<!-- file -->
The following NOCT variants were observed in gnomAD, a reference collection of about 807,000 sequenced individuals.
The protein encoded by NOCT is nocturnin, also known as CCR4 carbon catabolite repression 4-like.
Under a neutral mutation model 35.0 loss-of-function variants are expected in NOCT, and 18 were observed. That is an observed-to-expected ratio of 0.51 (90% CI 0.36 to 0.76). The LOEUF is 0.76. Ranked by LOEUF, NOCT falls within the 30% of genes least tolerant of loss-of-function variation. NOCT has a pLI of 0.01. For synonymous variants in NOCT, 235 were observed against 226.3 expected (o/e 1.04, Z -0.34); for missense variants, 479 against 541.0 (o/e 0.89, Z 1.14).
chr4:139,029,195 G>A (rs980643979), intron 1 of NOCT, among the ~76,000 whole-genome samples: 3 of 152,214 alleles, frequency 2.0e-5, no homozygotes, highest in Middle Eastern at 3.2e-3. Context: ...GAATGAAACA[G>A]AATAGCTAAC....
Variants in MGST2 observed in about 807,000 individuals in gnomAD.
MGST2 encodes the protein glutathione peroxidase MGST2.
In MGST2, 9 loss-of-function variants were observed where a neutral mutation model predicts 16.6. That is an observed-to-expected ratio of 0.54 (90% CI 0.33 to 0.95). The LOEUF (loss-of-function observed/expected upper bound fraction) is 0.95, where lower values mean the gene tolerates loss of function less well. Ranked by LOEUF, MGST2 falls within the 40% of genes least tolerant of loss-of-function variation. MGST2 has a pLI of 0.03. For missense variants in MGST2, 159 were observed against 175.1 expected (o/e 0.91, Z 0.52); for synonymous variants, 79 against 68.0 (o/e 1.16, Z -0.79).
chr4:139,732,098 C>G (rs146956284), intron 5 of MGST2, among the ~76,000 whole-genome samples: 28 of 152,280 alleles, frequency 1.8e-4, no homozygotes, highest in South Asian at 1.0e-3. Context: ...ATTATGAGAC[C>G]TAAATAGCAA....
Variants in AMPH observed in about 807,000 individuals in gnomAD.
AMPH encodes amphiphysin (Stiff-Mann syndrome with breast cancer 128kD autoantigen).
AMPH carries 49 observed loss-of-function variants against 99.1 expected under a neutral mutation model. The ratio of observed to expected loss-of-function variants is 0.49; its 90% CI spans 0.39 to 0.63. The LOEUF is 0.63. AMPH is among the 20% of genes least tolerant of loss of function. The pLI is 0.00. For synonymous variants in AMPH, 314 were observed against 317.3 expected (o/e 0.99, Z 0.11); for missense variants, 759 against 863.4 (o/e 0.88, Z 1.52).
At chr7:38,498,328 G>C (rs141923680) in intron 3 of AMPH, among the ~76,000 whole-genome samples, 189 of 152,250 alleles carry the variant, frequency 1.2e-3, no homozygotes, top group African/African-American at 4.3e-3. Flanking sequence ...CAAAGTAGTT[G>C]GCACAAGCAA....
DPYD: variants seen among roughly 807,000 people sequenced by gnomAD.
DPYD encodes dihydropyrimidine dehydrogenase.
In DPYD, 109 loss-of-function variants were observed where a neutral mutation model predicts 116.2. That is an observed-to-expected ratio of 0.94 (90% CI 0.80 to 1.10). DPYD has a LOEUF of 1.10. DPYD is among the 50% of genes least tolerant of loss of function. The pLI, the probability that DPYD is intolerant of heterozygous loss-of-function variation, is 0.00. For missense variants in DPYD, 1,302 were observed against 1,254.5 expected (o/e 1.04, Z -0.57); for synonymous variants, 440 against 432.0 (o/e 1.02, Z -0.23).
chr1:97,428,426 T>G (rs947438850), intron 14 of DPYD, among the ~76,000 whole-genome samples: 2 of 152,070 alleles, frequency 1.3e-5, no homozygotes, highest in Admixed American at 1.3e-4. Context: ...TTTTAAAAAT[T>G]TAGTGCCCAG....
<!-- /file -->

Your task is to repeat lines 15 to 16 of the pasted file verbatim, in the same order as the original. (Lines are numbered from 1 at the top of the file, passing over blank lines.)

In DPYD, 109 loss-of-function variants were observed where a neutral mutation model predicts 116.2. That is an observed-to-expected ratio of 0.94 (90% CI 0.80 to 1.10). DPYD has a LOEUF of 1.10. DPYD is among the 50% of genes least tolerant of loss of function. The pLI, the probability that DPYD is intolerant of heterozygous loss-of-function variation, is 0.00. For missense variants in DPYD, 1,302 were observed against 1,254.5 expected (o/e 1.04, Z -0.57); for synonymous variants, 440 against 432.0 (o/e 1.02, Z -0.23).
chr1:97,428,426 T>G (rs947438850), intron 14 of DPYD, among the ~76,000 whole-genome samples: 2 of 152,070 alleles, frequency 1.3e-5, no homozygotes, highest in Admixed American at 1.3e-4. Context: ...TTTTAAAAAT[T>G]TAGTGCCCAG....